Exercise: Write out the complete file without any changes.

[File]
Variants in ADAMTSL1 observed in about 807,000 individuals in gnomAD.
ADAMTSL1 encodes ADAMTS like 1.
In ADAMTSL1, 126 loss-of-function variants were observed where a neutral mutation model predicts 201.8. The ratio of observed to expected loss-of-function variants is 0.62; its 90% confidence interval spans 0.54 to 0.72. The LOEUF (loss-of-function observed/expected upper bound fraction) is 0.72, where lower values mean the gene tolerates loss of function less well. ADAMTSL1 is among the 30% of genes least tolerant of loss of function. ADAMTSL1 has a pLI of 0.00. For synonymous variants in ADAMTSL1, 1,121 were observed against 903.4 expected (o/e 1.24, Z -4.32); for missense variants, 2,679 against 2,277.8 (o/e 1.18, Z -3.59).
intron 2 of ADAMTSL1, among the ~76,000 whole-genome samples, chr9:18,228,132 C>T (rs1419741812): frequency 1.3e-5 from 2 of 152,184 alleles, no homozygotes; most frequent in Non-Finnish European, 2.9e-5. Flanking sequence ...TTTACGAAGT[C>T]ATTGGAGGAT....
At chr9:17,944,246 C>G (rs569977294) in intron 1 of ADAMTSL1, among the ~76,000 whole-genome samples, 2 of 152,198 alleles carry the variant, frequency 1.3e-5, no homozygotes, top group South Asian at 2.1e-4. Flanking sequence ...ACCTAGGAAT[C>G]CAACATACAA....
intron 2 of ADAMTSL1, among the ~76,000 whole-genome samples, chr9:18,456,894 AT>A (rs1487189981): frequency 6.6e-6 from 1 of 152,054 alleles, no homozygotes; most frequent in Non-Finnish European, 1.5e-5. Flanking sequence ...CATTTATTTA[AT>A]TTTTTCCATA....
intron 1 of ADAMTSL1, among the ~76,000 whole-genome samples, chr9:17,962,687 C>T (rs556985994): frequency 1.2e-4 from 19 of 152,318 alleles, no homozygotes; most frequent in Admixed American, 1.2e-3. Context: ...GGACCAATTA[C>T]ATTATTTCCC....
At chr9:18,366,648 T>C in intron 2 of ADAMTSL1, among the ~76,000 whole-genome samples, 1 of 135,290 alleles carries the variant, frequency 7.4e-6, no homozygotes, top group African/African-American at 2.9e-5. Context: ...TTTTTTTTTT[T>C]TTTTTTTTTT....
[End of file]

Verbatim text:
Variants in ADAMTSL1 observed in about 807,000 individuals in gnomAD.
ADAMTSL1 encodes ADAMTS like 1.
In ADAMTSL1, 126 loss-of-function variants were observed where a neutral mutation model predicts 201.8. The ratio of observed to expected loss-of-function variants is 0.62; its 90% confidence interval spans 0.54 to 0.72. The LOEUF (loss-of-function observed/expected upper bound fraction) is 0.72, where lower values mean the gene tolerates loss of function less well. ADAMTSL1 is among the 30% of genes least tolerant of loss of function. ADAMTSL1 has a pLI of 0.00. For synonymous variants in ADAMTSL1, 1,121 were observed against 903.4 expected (o/e 1.24, Z -4.32); for missense variants, 2,679 against 2,277.8 (o/e 1.18, Z -3.59).
intron 2 of ADAMTSL1, among the ~76,000 whole-genome samples, chr9:18,228,132 C>T (rs1419741812): frequency 1.3e-5 from 2 of 152,184 alleles, no homozygotes; most frequent in Non-Finnish European, 2.9e-5. Flanking sequence ...TTTACGAAGT[C>T]ATTGGAGGAT....
At chr9:17,944,246 C>G (rs569977294) in intron 1 of ADAMTSL1, among the ~76,000 whole-genome samples, 2 of 152,198 alleles carry the variant, frequency 1.3e-5, no homozygotes, top group South Asian at 2.1e-4. Flanking sequence ...ACCTAGGAAT[C>G]CAACATACAA....
intron 2 of ADAMTSL1, among the ~76,000 whole-genome samples, chr9:18,456,894 AT>A (rs1487189981): frequency 6.6e-6 from 1 of 152,054 alleles, no homozygotes; most frequent in Non-Finnish European, 1.5e-5. Flanking sequence ...CATTTATTTA[AT>A]TTTTTCCATA....
intron 1 of ADAMTSL1, among the ~76,000 whole-genome samples, chr9:17,962,687 C>T (rs556985994): frequency 1.2e-4 from 19 of 152,318 alleles, no homozygotes; most frequent in Admixed American, 1.2e-3. Context: ...GGACCAATTA[C>T]ATTATTTCCC....
At chr9:18,366,648 T>C in intron 2 of ADAMTSL1, among the ~76,000 whole-genome samples, 1 of 135,290 alleles carries the variant, frequency 7.4e-6, no homozygotes, top group African/African-American at 2.9e-5. Context: ...TTTTTTTTTT[T>C]TTTTTTTTTT....